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Genuine Possibilities in the Scientific Past and How to Spot Them
Vol. 99, No. 3 (September 2008), pp. 568-575
Stable URL: http://www.jstor.org/stable/10.1086/591715
Page Count: 8
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ABSTRACT The extent to which we take counterfactual history seriously depends on how well grounded we take the relevant possibilities to be. Beginning with a general consideration of the relationship between conceivability and possibility, this essay examine the grounds on which these alternative histories might be based. Drawing on examples from physics, such as the Bohmian version of quantum theory and the parastatistics approach to quarks, it suggests that such grounds are not as firm as might be thought and that further work is required in both the history and the philosophy of science before the putative alternatives can be taken as “genuine” possibilities.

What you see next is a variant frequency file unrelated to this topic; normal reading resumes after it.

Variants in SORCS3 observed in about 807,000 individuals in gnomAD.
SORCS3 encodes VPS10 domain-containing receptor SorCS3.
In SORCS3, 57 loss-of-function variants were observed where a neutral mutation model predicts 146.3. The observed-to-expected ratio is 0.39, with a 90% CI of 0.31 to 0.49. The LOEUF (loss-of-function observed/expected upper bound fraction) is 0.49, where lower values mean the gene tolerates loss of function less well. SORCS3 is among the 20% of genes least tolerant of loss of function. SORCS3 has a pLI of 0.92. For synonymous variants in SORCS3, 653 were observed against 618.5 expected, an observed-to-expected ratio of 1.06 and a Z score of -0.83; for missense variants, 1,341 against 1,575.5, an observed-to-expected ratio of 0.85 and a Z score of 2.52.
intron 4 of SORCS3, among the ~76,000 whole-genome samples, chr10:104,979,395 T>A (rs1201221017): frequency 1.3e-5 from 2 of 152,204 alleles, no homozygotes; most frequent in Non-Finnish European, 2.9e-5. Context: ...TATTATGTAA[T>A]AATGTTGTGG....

© 2008 by The History of Science Society. All rights reserved.